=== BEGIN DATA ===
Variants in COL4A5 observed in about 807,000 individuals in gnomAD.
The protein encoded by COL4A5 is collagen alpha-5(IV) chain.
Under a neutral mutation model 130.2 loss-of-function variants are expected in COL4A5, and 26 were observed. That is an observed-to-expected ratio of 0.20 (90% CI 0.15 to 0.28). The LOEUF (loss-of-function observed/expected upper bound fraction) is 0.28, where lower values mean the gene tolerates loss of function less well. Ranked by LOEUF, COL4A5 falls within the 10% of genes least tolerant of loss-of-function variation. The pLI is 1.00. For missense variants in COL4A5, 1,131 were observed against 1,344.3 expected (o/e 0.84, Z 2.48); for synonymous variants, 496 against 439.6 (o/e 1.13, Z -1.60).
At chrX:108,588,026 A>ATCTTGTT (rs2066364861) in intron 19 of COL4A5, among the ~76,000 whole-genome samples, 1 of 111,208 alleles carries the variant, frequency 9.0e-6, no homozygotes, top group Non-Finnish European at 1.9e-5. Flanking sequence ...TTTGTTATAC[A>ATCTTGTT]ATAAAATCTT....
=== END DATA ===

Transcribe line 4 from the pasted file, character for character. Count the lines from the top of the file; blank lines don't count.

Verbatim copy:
At chrX:108,588,026 A>ATCTTGTT (rs2066364861) in intron 19 of COL4A5, among the ~76,000 whole-genome samples, 1 of 111,208 alleles carries the variant, frequency 9.0e-6, no homozygotes, top group Non-Finnish European at 1.9e-5. Flanking sequence ...TTTGTTATAC[A>ATCTTGTT]ATAAAATCTT....